As their name suggests, challenger banks are all about shaking up traditional banking models. At the heart of everything they do is user experience (UX). From improved customer service and innovative new products, to frictionless onboarding and simple yet effective apps and online banking interfaces, challenger banks have made established financial institutions sit up and take note, especially as they become increasingly popular among younger generations who have grown up in the internet age.
Mobile first, personalised, and always available
Mainstream adoption of mobile devices to manage finances has exploded in the last few years, and many challengers banked on this being the case early on. Moving money between accounts, sending money to friends and family, and exchanging money into different currencies can be done in seconds.
A decade ago, being able to open a bank account in minutes by taking a photo of proof of ID and sharing it via an app would have seemed pretty far fetched. Yet there are now a number of digital-only challenger banks able to do just that, making the need to visit a branch to open an account obsolete. Security has also improved while removing barriers to using banking apps; biometric authentication can verify a user login in seconds, eliminating the use of long passwords and difficult to remember pin codes.
While many challengers are at an advantage, having built their strategy around delivering a digital-only service, that’s not to say that all banks have terrible online and mobile banking experiences, in fact, far from it. Two of the biggest banks in the UK – Barclays and Natwest – have very highly rated apps due to the wide range of features on offer, and their easy to use interfaces.
Another reason people are opting to bank on challengers is the personalised service they can offer. Whether it’s using a chatbot to find out whether there is enough cash for a takeaway before payday, setting saving goals, or being able to categorise bills and merchants to keep track of spending habits, consumers are embracing these new ways of managing money.
As more and more branches close, being able to get in touch with a bank at a time and place that is convenient to the customer is becoming more difficult. Challengers are capitalising on this by providing 24/7/365 access to banking services and customer support via multiple channels. The notable exception to the rule for high street banks is Metro Bank, who are opening more branches with extended opening hours.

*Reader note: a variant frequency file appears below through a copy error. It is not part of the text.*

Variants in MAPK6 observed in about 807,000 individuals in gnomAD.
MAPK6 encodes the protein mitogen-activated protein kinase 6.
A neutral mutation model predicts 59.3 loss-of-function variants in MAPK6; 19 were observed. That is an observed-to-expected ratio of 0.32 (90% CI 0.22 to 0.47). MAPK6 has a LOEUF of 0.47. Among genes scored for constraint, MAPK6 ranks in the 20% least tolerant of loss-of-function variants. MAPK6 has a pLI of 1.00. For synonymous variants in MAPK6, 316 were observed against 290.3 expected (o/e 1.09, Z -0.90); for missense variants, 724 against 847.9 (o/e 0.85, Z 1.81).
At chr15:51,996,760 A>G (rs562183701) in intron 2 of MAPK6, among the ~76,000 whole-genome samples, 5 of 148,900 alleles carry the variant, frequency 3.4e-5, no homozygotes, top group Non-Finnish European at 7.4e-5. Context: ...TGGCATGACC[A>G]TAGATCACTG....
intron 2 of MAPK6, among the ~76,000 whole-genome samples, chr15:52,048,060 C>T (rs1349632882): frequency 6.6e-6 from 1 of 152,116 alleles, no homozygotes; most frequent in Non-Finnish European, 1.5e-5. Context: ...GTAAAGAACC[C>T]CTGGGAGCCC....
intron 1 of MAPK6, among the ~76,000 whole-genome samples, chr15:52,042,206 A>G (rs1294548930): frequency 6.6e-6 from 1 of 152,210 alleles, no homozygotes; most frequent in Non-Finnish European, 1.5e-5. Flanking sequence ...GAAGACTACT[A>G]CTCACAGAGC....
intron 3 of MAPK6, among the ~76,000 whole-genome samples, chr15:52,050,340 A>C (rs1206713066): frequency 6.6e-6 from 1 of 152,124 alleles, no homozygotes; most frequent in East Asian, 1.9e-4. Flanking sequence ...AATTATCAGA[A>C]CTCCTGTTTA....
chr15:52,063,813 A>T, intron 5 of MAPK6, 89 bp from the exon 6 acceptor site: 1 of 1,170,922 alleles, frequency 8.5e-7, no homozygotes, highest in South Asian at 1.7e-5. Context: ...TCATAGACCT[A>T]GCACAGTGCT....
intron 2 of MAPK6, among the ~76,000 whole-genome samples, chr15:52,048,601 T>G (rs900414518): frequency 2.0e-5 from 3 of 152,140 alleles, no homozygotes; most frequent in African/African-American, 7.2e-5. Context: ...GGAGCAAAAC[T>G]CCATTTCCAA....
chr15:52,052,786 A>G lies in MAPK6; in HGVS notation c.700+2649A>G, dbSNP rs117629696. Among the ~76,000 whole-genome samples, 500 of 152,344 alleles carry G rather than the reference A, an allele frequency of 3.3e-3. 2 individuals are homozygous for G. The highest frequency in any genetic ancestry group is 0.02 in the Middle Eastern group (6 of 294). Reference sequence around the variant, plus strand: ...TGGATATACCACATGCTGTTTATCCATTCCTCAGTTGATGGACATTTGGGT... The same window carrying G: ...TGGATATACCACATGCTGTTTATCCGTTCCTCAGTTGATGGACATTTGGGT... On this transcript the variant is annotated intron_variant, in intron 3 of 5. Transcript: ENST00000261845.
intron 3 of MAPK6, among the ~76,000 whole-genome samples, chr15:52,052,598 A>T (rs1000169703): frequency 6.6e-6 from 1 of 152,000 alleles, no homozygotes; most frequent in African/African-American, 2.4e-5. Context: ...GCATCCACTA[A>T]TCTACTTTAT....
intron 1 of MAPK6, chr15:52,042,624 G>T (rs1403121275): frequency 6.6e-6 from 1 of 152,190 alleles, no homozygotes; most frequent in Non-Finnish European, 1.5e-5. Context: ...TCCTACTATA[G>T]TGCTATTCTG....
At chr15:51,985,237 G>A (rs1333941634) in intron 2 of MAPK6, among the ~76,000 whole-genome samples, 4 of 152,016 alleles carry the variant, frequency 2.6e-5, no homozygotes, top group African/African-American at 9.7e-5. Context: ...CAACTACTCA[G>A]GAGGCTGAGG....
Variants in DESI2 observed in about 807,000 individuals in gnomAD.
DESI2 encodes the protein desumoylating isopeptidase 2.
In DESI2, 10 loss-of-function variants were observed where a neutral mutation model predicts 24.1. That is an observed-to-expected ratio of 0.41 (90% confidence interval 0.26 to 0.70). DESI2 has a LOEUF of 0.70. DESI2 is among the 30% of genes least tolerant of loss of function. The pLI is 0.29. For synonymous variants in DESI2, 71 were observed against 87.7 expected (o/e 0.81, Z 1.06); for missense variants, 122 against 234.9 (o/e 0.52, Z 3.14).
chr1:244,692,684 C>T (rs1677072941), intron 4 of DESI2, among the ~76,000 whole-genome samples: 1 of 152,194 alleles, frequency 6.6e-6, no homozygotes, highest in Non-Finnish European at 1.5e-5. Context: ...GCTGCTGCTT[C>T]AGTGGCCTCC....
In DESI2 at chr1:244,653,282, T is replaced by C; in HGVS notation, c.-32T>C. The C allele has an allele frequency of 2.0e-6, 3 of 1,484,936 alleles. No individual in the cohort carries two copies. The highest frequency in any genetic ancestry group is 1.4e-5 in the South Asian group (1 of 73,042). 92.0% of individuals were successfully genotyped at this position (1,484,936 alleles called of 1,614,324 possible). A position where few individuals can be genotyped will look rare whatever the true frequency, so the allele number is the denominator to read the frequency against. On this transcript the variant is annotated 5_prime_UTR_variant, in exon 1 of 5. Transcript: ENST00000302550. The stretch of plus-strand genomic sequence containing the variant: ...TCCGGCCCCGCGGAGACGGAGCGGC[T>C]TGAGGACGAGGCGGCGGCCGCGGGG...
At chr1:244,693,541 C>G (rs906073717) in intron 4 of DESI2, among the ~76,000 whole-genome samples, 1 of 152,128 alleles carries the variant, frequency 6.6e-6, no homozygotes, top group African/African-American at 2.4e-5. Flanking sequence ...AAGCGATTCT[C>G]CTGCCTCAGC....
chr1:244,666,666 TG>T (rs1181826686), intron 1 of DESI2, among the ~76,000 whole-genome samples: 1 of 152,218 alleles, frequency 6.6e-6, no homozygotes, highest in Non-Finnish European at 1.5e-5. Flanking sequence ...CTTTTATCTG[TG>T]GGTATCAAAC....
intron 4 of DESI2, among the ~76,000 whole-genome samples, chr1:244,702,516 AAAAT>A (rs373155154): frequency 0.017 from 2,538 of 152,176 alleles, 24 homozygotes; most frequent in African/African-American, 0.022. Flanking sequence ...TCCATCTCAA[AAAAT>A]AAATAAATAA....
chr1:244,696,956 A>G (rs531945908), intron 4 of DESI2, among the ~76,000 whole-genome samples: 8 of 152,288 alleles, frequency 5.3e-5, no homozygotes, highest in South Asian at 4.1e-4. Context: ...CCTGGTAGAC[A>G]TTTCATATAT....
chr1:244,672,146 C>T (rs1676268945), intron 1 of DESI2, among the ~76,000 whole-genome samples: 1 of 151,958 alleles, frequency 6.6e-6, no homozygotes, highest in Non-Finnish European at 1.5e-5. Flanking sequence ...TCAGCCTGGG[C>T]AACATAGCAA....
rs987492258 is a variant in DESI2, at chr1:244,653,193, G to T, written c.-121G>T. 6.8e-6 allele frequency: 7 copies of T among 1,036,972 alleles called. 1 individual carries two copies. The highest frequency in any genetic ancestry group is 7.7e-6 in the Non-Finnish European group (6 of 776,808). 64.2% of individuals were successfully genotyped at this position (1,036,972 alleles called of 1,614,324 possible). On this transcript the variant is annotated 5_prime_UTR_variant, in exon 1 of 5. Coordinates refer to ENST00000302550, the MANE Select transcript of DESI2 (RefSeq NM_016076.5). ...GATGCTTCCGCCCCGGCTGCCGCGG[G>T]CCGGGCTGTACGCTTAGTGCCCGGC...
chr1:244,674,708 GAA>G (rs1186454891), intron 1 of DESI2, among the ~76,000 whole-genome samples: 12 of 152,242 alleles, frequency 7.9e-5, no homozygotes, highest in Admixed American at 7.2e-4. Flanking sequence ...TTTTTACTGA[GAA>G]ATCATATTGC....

Maintaining focus on the front end
Large high street banks have the budgets and resources available to invest heavily in UX. Challengers and regional banks may not have this luxury, but delivering their customers a great digital experience is key to their survival.
Smaller banks and other financial institutions should continue to focus their efforts on the end user. While many are opting to build and own a technology stack on the back end, there are specialist FinTechs that provide solutions that enhance or underpin core banking functions.
By embracing FinTechs capable of delivering this infrastructure, challenger banks would be able to offer their customers new banking products without having to invest heavily in the back end. This approach would allow them to quickly expand at significantly lower cost, particularly into B2B banking, with lending and FX solutions being deployed in weeks for SME and corporate clients. Taking this modular approach, picking and choosing the best partnerships with financial utilities to power their products, they can remain agile and continue to focus on what they do best – delivering exceptional UX.
Banking Circle is one such financial utility that provides the underlying infrastructure banks and financial institutions need to succeed in an increasingly competitive landscape. To find out more about the B2B banking solutions we can offer, get in touch with a member of the team.